## SQUFOF, Continued Fraction Version

### July 8, 2014

Here is our version of SQUFOF, written in Python because it so clearly shows the structure of the algorithm described by Gower and Wagstaff:

`def squfof(n, m=1):`

def gcd(a, b): # euclid's algorithm

if b == 0: return a

return gcd(b, a % b)

def isqrt(n): # newton's method

x = n; y = (x + 1) // 2

while y < x:

x = y; y = (x + n // x) // 2

return x

def a(i): return 1 if i % 2 == 0 else -1

if n % 2 == 0: return 2

g = gcd(n, m)

if g > 1: return g

# 1. Initialize:

s = isqrt(n)

if s * s == n: return s

d = 2 * m * n if (m * n) % 4 == 1 else m * n

s = isqrt(d)

qHat = 1

p = s

q = d - p * p

ell = 2 * isqrt(2 * isqrt(d))

b = 2 * ell

i = 0

queue = []

if verbose:

print "n =", n

print "d =", d

print "s =", s

print "ell =", ell

print "b =", b

print "-------------------------"

print 0, -1*q, p, 1, queue

# 2. Cycle forward to find a proper square form:

while True:

if verbose: print i+1, a(i)*qHat, p, -1*a(i)*q, queue

# 2a

littleQ = (s + p) // q

pPrime = littleQ * q - p

# 2b

g = q / gcd(q, 2 * m)

if g <= ell:

queue.append(g)

queue.append(p % g)

# 2c

t = qHat + littleQ * (p - pPrime)

qHat = q

q = t

p = pPrime

# 2d

if i % 2 == 0:

r = isqrt(q)

if r * r == q:

z = 0

while z < len(queue):

if r == queue[z] and (p - queue[z+1]) % r == 0:

break

z = z + 2

if z < len(queue):

if r > 1:

queue = queue[z+2:]

elif r == 1:

return 0 # square form doesn't exist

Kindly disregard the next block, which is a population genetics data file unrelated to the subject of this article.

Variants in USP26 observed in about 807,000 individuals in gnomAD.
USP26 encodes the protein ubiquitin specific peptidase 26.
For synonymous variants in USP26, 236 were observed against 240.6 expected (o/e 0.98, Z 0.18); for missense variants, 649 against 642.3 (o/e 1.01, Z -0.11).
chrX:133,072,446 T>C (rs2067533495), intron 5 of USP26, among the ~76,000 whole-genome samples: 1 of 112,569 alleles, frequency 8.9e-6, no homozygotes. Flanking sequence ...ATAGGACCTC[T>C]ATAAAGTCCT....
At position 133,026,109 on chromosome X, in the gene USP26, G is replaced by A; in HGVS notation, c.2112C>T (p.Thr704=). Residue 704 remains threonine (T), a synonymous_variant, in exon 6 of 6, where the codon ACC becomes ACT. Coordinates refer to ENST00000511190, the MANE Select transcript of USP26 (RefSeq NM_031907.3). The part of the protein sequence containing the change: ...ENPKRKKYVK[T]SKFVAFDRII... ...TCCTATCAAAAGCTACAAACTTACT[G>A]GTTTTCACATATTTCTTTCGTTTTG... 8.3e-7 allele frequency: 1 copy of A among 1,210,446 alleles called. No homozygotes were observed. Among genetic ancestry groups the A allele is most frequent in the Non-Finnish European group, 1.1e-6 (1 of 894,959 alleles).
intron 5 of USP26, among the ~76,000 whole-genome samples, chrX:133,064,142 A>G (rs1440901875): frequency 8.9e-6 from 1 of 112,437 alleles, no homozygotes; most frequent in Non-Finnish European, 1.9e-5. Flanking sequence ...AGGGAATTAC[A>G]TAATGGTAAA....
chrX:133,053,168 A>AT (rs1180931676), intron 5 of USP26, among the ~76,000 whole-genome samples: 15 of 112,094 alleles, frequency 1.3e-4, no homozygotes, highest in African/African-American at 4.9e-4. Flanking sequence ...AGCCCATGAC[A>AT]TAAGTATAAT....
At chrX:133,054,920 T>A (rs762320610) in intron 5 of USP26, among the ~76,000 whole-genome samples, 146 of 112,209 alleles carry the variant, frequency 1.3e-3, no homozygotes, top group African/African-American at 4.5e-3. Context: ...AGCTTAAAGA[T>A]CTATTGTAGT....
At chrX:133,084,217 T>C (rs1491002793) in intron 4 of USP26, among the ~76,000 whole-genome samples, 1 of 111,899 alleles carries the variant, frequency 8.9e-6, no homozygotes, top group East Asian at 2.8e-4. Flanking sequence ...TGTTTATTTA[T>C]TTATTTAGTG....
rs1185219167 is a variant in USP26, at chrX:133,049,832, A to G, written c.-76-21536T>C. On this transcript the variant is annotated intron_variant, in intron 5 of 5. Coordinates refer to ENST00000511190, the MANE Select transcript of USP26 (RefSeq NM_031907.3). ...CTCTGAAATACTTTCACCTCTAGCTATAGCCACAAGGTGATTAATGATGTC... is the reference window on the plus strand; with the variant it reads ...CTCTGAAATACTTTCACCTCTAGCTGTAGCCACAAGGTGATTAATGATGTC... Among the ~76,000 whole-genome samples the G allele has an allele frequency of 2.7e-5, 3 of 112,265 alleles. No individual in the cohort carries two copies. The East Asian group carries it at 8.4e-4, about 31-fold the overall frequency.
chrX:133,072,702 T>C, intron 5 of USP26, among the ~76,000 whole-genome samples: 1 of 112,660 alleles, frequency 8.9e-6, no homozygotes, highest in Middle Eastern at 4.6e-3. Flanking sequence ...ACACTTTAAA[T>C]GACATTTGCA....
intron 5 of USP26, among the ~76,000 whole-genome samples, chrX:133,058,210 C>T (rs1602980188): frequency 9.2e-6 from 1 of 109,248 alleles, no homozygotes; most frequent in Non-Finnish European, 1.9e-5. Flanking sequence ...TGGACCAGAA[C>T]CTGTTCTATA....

else: break # go to step 3

# 2e

i = i + 1

if i > b:

return 0 # timeout

# 3. Compute an inverse square root of the square form:

if verbose: print i+2, -1*a(i)*qHat, p, a(i)*q, queue

if verbose: print "-------------------------"

qHat = r

p = p + r * ((s - p) // r)

q = (d - p * p) / qHat

if verbose: print 0, -1*a(i)*qHat, p, a(i)*q

# 4. Cycle in the reverse direction to find a factor of N:

for i in range(1, b):

# 4a

littleQ = (s + p) // q

pPrime = littleQ * q - p

# 4b

if p == pPrime: break

# 4c

t = qHat + littleQ * (p - pPrime)

qHat = q

q = t

p = pPrime

if verbose: print i, -1*a(i)*qHat, p, a(i)*q

# 5. Print the factor of N:

if verbose: print i, -1*a(i)*q, p, a(i)*qHat

if verbose: print "-------------------------"

q = q / gcd(q, 2 * m)

return q

Gower and Wagstaff show the calculations to find a factor of 22117019; here is the output of our program with `verbose = True`

:

`>>> squfof(22117019)`

n = 22117019

d = 22117019

s = 4702

ell = 192

b = 384

-------------------------

0 -8215 4702 1 []

1 1 4702 -8215 []

2 -8215 3513 1190 []

3 1190 3627 -7531 []

4 -7531 3904 913 []

5 913 4313 -3850 []

6 -3850 3387 2765 []

7 2765 2143 -6338 []

8 -6338 4195 713 []

9 713 4361 -4346 []

10 -4346 4331 773 []

11 773 4172 -6095 []

12 -6095 1923 3022 []

13 3022 4121 -1699 []

14 -1699 4374 1757 []

15 1757 4411 -1514 []

16 -1514 4673 185 []

17 185 4577 -6314 [185, 48]

18 -6314 1737 3025 [185, 48]

-------------------------

0 -55 4652 8653

1 8653 4001 -706

2 -706 4471 3013

3 3013 4568 -415

4 -415 4562 3145

5 3145 1728 -6083

6 -6083 4355 518

7 518 4451 -4451

8 -4451 4451 518

-------------------------

4451

At http://programmingpraxis.codepad.org/izOZliiR you can see the factorization of 42854447, which demonstrates the use of the queue.

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